>In addition, [redacted] stated that, in his opinion, this picture deliberately maligned the upper class, attempting to show the people who had money were mean and despicable characters. [redacted] related that if he made this picture portraying the banker, he would have shown this individual to have been following the rules as laid down by the State Bank Examiner in connection with making loans. Further, [redacted] stated that the scene wouldn’t have “suffered at all” in portraying the banker as a man who was protecting funds put in his care by private individuals and adhering to the rules governing the loan of that money rather than portraying the part as it was shown. In summary, [redacted] stated that it was not necessary to make the banker such a mean character and “I would never have done it that way.”
[redacted] recalled that approximately 15 years ago, the picture entitled “The Letter” was made in Russia and was later shown in this country. He recalled that in this Russian picture, an individual who had lost his self-respect as well as that of his friends and neighbors because of drunkenness, was given one last chance to redeem himself by going to the bank to get some money to pay off a debt. The old man was a sympathetic character and was so pleased at his opportunity that he was extremely nervous, inferring he might lose the letter of credit or the money itself. In summary, the old man made the journey of several days duration to the bank and with no mishap until he fell asleep on the homeward journey because of his determination to succeed. On this occasion the package of money dropped out of his pocket. Upon arriving home, the old man was so chagrined he hung himself. The next day someone returned the package of money to his wife saying it had been found. [redacted] draws a parallel of this scene and that of the picture previously discussed, showing that Thomas Mitchell who played the part of the man losing the money in the Capra picture suffered the same consequences as the man in the Russian picture in that Mitchell was too old a man to go out and make money to pay off his debt to the banker.
Well, we wouldn’t want to portray bankers in a negative light, would we?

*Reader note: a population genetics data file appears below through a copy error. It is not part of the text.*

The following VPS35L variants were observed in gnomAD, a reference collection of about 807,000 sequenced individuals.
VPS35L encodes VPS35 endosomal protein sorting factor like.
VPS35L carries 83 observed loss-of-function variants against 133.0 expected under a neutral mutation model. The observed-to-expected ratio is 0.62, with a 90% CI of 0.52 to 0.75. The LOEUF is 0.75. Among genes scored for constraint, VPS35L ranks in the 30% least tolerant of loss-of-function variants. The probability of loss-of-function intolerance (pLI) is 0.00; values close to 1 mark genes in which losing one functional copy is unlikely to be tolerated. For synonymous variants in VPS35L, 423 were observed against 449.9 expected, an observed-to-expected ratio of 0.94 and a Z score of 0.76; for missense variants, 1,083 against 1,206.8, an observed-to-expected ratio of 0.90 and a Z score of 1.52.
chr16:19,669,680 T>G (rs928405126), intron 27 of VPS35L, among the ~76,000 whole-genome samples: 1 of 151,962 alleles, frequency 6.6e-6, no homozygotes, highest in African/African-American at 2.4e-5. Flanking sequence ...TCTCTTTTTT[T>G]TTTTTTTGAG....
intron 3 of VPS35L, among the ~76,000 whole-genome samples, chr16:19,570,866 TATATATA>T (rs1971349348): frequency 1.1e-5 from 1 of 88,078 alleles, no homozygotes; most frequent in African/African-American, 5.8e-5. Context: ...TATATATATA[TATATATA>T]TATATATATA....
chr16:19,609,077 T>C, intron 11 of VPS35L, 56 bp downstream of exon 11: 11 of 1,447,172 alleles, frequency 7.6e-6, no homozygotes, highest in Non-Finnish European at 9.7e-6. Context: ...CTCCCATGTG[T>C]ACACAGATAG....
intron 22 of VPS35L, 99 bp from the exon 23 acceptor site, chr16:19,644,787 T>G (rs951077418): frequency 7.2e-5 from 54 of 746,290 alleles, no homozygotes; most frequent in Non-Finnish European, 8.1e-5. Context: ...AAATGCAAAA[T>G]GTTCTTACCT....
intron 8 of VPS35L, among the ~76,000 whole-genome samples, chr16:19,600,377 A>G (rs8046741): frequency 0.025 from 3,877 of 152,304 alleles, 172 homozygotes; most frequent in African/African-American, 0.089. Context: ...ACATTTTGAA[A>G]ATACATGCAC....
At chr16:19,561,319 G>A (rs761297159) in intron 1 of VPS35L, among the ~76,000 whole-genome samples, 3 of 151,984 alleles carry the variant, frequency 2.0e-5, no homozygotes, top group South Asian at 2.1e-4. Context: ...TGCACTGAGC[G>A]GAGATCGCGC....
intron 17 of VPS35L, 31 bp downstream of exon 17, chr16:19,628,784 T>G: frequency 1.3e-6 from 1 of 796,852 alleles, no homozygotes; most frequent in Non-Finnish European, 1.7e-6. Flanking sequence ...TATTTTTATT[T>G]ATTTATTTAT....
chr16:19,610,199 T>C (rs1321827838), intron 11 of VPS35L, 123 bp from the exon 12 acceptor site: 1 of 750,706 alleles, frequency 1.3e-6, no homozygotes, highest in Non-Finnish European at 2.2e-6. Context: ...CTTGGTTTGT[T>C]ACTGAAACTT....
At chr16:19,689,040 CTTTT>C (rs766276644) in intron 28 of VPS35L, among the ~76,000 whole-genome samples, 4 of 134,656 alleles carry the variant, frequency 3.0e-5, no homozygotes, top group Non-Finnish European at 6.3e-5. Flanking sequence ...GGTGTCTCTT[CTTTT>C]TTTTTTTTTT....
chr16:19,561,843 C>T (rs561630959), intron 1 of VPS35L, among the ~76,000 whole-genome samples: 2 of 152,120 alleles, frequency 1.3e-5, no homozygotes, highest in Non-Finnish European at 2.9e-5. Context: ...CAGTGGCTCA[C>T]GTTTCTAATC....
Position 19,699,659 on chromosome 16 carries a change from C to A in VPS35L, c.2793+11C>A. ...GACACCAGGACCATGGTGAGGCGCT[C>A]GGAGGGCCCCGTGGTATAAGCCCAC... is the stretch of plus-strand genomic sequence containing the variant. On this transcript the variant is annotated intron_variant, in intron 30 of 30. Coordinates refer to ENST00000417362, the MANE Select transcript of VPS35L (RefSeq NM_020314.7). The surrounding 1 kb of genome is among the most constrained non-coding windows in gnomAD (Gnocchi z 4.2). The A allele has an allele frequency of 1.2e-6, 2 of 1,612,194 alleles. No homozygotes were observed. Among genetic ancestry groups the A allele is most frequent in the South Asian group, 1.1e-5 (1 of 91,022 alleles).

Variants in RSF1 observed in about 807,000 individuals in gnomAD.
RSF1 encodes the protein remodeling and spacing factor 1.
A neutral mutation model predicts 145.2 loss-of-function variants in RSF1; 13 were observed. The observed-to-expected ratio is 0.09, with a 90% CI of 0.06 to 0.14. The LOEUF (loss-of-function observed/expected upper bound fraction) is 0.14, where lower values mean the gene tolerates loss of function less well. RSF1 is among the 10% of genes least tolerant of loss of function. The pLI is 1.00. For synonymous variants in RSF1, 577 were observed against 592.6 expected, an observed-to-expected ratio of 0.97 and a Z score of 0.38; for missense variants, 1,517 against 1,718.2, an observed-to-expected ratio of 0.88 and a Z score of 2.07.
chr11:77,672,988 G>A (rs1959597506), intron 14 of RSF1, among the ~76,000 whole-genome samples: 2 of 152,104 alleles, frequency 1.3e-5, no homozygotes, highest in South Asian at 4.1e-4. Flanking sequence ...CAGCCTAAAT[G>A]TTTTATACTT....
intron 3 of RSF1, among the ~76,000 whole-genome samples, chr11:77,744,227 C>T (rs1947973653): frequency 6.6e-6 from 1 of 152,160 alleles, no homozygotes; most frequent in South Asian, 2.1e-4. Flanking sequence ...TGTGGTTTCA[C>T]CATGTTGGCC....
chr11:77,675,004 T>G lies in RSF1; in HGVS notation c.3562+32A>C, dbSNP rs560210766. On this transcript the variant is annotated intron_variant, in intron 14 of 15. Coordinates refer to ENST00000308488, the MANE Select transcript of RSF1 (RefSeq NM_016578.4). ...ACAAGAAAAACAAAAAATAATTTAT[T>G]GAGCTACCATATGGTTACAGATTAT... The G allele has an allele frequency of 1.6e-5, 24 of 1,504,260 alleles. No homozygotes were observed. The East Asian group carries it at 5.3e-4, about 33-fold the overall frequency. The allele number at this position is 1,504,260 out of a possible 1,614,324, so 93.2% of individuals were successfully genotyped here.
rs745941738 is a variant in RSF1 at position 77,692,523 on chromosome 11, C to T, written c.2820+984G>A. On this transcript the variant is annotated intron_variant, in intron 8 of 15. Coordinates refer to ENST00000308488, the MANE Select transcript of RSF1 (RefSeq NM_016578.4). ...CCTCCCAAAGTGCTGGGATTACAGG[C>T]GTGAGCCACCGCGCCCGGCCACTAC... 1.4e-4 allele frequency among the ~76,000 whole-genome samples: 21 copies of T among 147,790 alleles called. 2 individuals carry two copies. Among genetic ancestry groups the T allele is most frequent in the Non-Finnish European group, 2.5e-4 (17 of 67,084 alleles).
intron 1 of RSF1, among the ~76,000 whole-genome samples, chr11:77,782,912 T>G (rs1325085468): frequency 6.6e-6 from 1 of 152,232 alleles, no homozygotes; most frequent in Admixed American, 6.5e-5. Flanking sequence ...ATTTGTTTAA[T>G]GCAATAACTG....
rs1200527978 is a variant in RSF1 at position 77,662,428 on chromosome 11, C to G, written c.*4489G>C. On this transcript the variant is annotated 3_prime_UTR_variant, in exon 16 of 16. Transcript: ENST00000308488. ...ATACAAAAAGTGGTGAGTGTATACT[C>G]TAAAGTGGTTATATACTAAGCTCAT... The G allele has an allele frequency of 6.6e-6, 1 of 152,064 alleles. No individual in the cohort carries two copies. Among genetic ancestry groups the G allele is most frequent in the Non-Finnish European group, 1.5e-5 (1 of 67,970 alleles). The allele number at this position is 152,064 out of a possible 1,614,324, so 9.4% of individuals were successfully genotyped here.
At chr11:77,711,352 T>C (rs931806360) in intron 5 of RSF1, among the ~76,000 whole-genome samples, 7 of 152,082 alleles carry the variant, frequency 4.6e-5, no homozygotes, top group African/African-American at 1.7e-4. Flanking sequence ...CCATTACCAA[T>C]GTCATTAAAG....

It does not matter that Capra was a Republican who hated FDR and his New Deal, because as The New York Times tells us, his writers “generally ranged from New Deal Democrats to card-carrying Communists” – which, when you come to think of it – given his films are “parables of ordinary people forced to stand up against the greed and corruption of the rich and powerful” – explains a lot.
It is interesting that Republicans can see the film attacking their banker friends as some sort of “conservative manifesto,” but they do, and Glenn Beck is not the only one awash in that particular sea of self-delusion.
I’m not giving Loudermilk my cloak when he steals my coat. I’m a Heathen, not a follower of Jesus. But I am, in the shared spirit of holiday giving, willing to chip in to buy him a “plexiotomy” – that is, a procedure where a section of the abdomen is taken out and a piece of Plexiglas is inserted, so that people who have their heads up their backsides can see where they’re going.
Because that’s what the season is all about.
Hrafnkell Haraldsson, a social liberal with leanings toward centrist politics has degrees in history and philosophy. His interests include, besides history and philosophy, human rights issues, freedom of choice, religion, and the precarious dichotomy of freedom of speech and intolerance. He brings a slightly different perspective to his writing, being that he is neither a follower of an Abrahamic faith nor an atheist but a polytheist, a modern-day Heathen who follows the customs and traditions of his Norse ancestors. He maintains his own blog, A Heathen’s Day, which deals with Heathen and Pagan matters, and Mos Maiorum Foundation www.mosmaiorum.org, dedicated to ethnic religion. He has also contributed to NewsJunkiePost, GodsOwnParty and Pagan+Politics.